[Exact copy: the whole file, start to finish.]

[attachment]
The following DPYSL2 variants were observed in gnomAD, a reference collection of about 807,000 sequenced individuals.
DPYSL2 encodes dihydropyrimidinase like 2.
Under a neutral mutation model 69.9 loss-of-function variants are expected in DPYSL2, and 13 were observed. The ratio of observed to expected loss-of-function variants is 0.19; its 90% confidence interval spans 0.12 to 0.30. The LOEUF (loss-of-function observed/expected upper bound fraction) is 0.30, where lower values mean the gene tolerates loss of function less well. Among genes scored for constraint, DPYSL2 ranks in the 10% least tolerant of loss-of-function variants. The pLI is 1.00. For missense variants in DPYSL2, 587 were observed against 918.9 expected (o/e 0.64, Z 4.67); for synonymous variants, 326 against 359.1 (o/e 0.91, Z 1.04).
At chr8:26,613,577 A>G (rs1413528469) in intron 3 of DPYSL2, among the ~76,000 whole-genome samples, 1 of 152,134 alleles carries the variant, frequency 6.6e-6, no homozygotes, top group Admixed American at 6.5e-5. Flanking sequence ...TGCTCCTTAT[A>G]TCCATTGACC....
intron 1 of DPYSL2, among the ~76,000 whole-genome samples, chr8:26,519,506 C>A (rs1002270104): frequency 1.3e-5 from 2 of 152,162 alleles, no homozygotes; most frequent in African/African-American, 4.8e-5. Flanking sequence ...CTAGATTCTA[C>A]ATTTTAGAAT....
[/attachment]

The following DPYSL2 variants were observed in gnomAD, a reference collection of about 807,000 sequenced individuals.
DPYSL2 encodes dihydropyrimidinase like 2.
Under a neutral mutation model 69.9 loss-of-function variants are expected in DPYSL2, and 13 were observed. The ratio of observed to expected loss-of-function variants is 0.19; its 90% confidence interval spans 0.12 to 0.30. The LOEUF (loss-of-function observed/expected upper bound fraction) is 0.30, where lower values mean the gene tolerates loss of function less well. Among genes scored for constraint, DPYSL2 ranks in the 10% least tolerant of loss-of-function variants. The pLI is 1.00. For missense variants in DPYSL2, 587 were observed against 918.9 expected (o/e 0.64, Z 4.67); for synonymous variants, 326 against 359.1 (o/e 0.91, Z 1.04).
At chr8:26,613,577 A>G (rs1413528469) in intron 3 of DPYSL2, among the ~76,000 whole-genome samples, 1 of 152,134 alleles carries the variant, frequency 6.6e-6, no homozygotes, top group Admixed American at 6.5e-5. Flanking sequence ...TGCTCCTTAT[A>G]TCCATTGACC....
intron 1 of DPYSL2, among the ~76,000 whole-genome samples, chr8:26,519,506 C>A (rs1002270104): frequency 1.3e-5 from 2 of 152,162 alleles, no homozygotes; most frequent in African/African-American, 4.8e-5. Flanking sequence ...CTAGATTCTA[C>A]ATTTTAGAAT....